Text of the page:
Globally, battery manufacturing and recycling plants have been identified as the major sources of soil lead contamination that have resulted in lead exposure to neighbouring communities via the accumulation of lead within plants.
Lead is naturally found in soil in relatively low concentrations (10-50 mg/kg) in which it is taken up by plants via the roots and accumulates within root cells as lead is used in low levels by plants. Excessive lead concentrations found within plants have been shown to reduce the functionality of morphological, biochemical and physiological functions as well as promoting deleterious effects. For more detailed information on the effects of lead on plant health, see here.
The lead battery manufacturing and recycling industries are globally expanding due to the lead battery market. This market is increasing dramatically across Africa to follow the recent boom in industries which use such batteries. These include off-grid solar power installations which aim to reach over 44 million households throughout Africa; uninterrupted power supplies (UPS) for backing up computers and powering cellular phone networks.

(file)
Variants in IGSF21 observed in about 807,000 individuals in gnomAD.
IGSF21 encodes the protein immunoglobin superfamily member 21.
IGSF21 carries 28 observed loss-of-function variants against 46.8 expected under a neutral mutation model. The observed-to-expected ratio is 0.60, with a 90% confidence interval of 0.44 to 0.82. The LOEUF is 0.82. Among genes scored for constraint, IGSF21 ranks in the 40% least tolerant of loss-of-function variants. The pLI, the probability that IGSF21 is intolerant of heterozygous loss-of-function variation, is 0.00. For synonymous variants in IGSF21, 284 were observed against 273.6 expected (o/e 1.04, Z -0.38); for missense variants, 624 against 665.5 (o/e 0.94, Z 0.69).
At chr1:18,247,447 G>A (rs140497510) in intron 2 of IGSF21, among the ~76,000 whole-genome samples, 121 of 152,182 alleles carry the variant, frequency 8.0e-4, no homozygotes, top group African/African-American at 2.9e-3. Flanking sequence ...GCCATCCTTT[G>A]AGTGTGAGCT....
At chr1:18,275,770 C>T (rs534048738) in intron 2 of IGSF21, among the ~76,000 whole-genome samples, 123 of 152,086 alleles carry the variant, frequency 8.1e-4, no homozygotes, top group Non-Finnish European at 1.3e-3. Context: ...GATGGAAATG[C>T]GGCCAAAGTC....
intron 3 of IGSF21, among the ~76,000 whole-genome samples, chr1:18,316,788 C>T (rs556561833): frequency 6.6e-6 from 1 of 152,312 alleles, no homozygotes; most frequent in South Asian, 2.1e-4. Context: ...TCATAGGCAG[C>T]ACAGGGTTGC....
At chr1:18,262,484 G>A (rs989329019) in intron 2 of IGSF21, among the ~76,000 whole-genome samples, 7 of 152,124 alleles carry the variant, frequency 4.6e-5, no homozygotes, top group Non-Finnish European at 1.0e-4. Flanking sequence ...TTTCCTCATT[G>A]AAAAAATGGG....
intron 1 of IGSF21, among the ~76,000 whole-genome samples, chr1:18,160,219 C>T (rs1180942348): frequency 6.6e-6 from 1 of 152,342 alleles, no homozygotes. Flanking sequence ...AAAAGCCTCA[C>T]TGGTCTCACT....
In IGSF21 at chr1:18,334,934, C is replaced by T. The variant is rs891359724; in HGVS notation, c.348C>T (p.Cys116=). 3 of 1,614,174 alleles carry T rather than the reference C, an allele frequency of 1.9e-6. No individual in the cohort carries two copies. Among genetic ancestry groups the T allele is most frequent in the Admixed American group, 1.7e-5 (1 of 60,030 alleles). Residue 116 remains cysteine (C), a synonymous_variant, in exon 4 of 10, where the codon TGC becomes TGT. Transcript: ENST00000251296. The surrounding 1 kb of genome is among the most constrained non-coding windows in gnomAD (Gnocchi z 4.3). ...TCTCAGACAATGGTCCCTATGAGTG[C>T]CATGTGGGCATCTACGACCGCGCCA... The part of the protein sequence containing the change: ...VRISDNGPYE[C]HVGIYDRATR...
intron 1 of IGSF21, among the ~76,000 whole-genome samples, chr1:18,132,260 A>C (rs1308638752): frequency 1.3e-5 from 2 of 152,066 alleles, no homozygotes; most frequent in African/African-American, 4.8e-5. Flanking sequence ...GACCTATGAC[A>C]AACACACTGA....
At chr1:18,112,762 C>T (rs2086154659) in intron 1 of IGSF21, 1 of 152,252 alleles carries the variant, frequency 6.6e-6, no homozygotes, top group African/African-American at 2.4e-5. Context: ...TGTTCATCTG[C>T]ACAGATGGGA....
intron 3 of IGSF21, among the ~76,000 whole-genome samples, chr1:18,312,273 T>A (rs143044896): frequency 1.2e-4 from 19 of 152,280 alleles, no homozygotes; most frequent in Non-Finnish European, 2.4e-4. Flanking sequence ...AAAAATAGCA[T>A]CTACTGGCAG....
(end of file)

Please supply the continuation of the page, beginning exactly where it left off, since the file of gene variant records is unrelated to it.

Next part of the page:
Few regulations in regards to preventing/reducing contamination and emissions are in place in Africa. Once a site has been identified as a contamination source, it can take numerous years before any remediation of the contaminated soil is put in place, and even longer if the site itself has closed down due to a lack of ownership of the issue by local governing bodies.
Over the past decade, battery plants have been increasing targets of scrutiny due to a growing awareness of the environmental implications of maintaining poorly regulated sites globally. Numerous studies describe such negative impacts on both the environment and human health. A study undertaken by researchers in partnership between Occupational Knowledge International, USA and organisations across Sub-Saharan Africa investigated the contamination effects of lead battery sites (see here). A total of 118 soil samples were collected from 15 separate battery plants, with results suggesting soil lead levels of up to 140 000 mg/kg and an average of 2 600 mg/kg within local communities. Cases of high concentrations of lead in soil have been linked to human health issues within neighbouring communities, for example within rural villages located close to lead battery recycling sites. Tested individuals (notably children) were found to contain significantly elevated blood lead levels which may lead to symptoms including fatigue, nausea, colic, anaemia, miscarriages etc.
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